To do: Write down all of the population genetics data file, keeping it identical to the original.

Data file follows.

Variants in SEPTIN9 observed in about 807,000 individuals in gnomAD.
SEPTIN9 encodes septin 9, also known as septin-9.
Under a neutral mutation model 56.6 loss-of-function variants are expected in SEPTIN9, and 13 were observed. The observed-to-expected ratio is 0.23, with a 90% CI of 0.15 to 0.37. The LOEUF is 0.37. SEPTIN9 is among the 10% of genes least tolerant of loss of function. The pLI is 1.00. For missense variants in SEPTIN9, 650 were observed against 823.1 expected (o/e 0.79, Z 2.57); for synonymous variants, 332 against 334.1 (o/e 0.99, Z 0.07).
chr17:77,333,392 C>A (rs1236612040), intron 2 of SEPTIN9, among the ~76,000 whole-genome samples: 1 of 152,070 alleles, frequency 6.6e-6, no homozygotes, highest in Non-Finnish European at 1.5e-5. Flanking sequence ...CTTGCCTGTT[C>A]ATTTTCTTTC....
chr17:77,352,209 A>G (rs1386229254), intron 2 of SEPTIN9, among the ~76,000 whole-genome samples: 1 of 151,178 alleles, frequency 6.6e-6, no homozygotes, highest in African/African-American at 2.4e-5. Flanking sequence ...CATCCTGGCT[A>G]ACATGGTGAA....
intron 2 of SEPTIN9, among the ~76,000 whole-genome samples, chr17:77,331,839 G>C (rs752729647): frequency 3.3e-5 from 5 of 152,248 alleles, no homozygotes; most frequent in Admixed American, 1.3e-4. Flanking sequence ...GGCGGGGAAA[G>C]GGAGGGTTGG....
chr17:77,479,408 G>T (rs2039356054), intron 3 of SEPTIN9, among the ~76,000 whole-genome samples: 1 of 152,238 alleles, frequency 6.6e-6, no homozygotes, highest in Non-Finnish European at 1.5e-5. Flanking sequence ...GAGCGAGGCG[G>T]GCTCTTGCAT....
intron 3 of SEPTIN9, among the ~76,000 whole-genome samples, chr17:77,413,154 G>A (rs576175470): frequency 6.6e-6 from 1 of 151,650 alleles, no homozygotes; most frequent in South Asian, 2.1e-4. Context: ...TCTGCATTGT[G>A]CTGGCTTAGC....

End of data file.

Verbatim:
Variants in SEPTIN9 observed in about 807,000 individuals in gnomAD.
SEPTIN9 encodes septin 9, also known as septin-9.
Under a neutral mutation model 56.6 loss-of-function variants are expected in SEPTIN9, and 13 were observed. The observed-to-expected ratio is 0.23, with a 90% CI of 0.15 to 0.37. The LOEUF is 0.37. SEPTIN9 is among the 10% of genes least tolerant of loss of function. The pLI is 1.00. For missense variants in SEPTIN9, 650 were observed against 823.1 expected (o/e 0.79, Z 2.57); for synonymous variants, 332 against 334.1 (o/e 0.99, Z 0.07).
chr17:77,333,392 C>A (rs1236612040), intron 2 of SEPTIN9, among the ~76,000 whole-genome samples: 1 of 152,070 alleles, frequency 6.6e-6, no homozygotes, highest in Non-Finnish European at 1.5e-5. Flanking sequence ...CTTGCCTGTT[C>A]ATTTTCTTTC....
chr17:77,352,209 A>G (rs1386229254), intron 2 of SEPTIN9, among the ~76,000 whole-genome samples: 1 of 151,178 alleles, frequency 6.6e-6, no homozygotes, highest in African/African-American at 2.4e-5. Flanking sequence ...CATCCTGGCT[A>G]ACATGGTGAA....
intron 2 of SEPTIN9, among the ~76,000 whole-genome samples, chr17:77,331,839 G>C (rs752729647): frequency 3.3e-5 from 5 of 152,248 alleles, no homozygotes; most frequent in Admixed American, 1.3e-4. Flanking sequence ...GGCGGGGAAA[G>C]GGAGGGTTGG....
chr17:77,479,408 G>T (rs2039356054), intron 3 of SEPTIN9, among the ~76,000 whole-genome samples: 1 of 152,238 alleles, frequency 6.6e-6, no homozygotes, highest in Non-Finnish European at 1.5e-5. Flanking sequence ...GAGCGAGGCG[G>T]GCTCTTGCAT....
intron 3 of SEPTIN9, among the ~76,000 whole-genome samples, chr17:77,413,154 G>A (rs576175470): frequency 6.6e-6 from 1 of 151,650 alleles, no homozygotes; most frequent in South Asian, 2.1e-4. Context: ...TCTGCATTGT[G>A]CTGGCTTAGC....